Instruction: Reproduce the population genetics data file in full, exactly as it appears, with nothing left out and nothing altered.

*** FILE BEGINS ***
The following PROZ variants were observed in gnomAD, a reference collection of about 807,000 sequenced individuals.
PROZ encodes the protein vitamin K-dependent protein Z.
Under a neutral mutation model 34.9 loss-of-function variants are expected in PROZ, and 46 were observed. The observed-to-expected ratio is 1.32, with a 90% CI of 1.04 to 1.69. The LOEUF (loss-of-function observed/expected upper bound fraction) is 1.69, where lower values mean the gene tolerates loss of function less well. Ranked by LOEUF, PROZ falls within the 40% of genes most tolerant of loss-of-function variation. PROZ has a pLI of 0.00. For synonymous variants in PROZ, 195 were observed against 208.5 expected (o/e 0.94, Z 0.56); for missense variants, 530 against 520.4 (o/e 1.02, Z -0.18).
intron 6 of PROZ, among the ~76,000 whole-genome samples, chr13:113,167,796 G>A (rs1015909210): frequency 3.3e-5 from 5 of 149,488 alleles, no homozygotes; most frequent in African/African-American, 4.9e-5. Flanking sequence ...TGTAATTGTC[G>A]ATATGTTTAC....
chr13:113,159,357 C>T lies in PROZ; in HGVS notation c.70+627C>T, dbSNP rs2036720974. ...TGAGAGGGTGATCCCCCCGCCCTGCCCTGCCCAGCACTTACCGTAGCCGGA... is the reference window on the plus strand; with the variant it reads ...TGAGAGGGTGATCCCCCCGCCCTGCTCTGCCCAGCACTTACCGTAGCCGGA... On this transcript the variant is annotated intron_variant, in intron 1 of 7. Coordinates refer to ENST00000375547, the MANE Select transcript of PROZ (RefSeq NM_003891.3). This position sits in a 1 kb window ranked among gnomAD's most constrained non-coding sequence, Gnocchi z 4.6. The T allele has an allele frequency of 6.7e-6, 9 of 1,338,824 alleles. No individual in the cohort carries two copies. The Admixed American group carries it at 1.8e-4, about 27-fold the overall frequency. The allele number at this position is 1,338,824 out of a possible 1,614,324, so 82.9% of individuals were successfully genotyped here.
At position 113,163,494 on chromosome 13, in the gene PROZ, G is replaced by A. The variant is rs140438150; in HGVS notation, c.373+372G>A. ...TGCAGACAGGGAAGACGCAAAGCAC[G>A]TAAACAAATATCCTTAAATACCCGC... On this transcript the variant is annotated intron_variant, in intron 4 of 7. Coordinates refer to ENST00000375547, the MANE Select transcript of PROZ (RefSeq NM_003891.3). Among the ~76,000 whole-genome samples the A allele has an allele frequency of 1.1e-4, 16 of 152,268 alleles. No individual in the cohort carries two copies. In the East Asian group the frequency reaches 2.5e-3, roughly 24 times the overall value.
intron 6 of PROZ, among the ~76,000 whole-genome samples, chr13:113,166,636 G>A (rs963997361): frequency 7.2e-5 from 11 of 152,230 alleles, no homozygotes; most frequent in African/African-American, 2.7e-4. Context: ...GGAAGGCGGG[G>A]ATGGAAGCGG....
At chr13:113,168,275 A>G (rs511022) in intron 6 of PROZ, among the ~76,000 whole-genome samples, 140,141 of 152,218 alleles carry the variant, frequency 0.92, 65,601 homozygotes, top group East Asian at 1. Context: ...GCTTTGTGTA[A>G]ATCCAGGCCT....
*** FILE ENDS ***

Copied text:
The following PROZ variants were observed in gnomAD, a reference collection of about 807,000 sequenced individuals.
PROZ encodes the protein vitamin K-dependent protein Z.
Under a neutral mutation model 34.9 loss-of-function variants are expected in PROZ, and 46 were observed. The observed-to-expected ratio is 1.32, with a 90% CI of 1.04 to 1.69. The LOEUF (loss-of-function observed/expected upper bound fraction) is 1.69, where lower values mean the gene tolerates loss of function less well. Ranked by LOEUF, PROZ falls within the 40% of genes most tolerant of loss-of-function variation. PROZ has a pLI of 0.00. For synonymous variants in PROZ, 195 were observed against 208.5 expected (o/e 0.94, Z 0.56); for missense variants, 530 against 520.4 (o/e 1.02, Z -0.18).
intron 6 of PROZ, among the ~76,000 whole-genome samples, chr13:113,167,796 G>A (rs1015909210): frequency 3.3e-5 from 5 of 149,488 alleles, no homozygotes; most frequent in African/African-American, 4.9e-5. Flanking sequence ...TGTAATTGTC[G>A]ATATGTTTAC....
chr13:113,159,357 C>T lies in PROZ; in HGVS notation c.70+627C>T, dbSNP rs2036720974. ...TGAGAGGGTGATCCCCCCGCCCTGCCCTGCCCAGCACTTACCGTAGCCGGA... is the reference window on the plus strand; with the variant it reads ...TGAGAGGGTGATCCCCCCGCCCTGCTCTGCCCAGCACTTACCGTAGCCGGA... On this transcript the variant is annotated intron_variant, in intron 1 of 7. Coordinates refer to ENST00000375547, the MANE Select transcript of PROZ (RefSeq NM_003891.3). This position sits in a 1 kb window ranked among gnomAD's most constrained non-coding sequence, Gnocchi z 4.6. The T allele has an allele frequency of 6.7e-6, 9 of 1,338,824 alleles. No individual in the cohort carries two copies. The Admixed American group carries it at 1.8e-4, about 27-fold the overall frequency. The allele number at this position is 1,338,824 out of a possible 1,614,324, so 82.9% of individuals were successfully genotyped here.
At position 113,163,494 on chromosome 13, in the gene PROZ, G is replaced by A. The variant is rs140438150; in HGVS notation, c.373+372G>A. ...TGCAGACAGGGAAGACGCAAAGCAC[G>A]TAAACAAATATCCTTAAATACCCGC... On this transcript the variant is annotated intron_variant, in intron 4 of 7. Coordinates refer to ENST00000375547, the MANE Select transcript of PROZ (RefSeq NM_003891.3). Among the ~76,000 whole-genome samples the A allele has an allele frequency of 1.1e-4, 16 of 152,268 alleles. No individual in the cohort carries two copies. In the East Asian group the frequency reaches 2.5e-3, roughly 24 times the overall value.
intron 6 of PROZ, among the ~76,000 whole-genome samples, chr13:113,166,636 G>A (rs963997361): frequency 7.2e-5 from 11 of 152,230 alleles, no homozygotes; most frequent in African/African-American, 2.7e-4. Context: ...GGAAGGCGGG[G>A]ATGGAAGCGG....
At chr13:113,168,275 A>G (rs511022) in intron 6 of PROZ, among the ~76,000 whole-genome samples, 140,141 of 152,218 alleles carry the variant, frequency 0.92, 65,601 homozygotes, top group East Asian at 1. Context: ...GCTTTGTGTA[A>G]ATCCAGGCCT....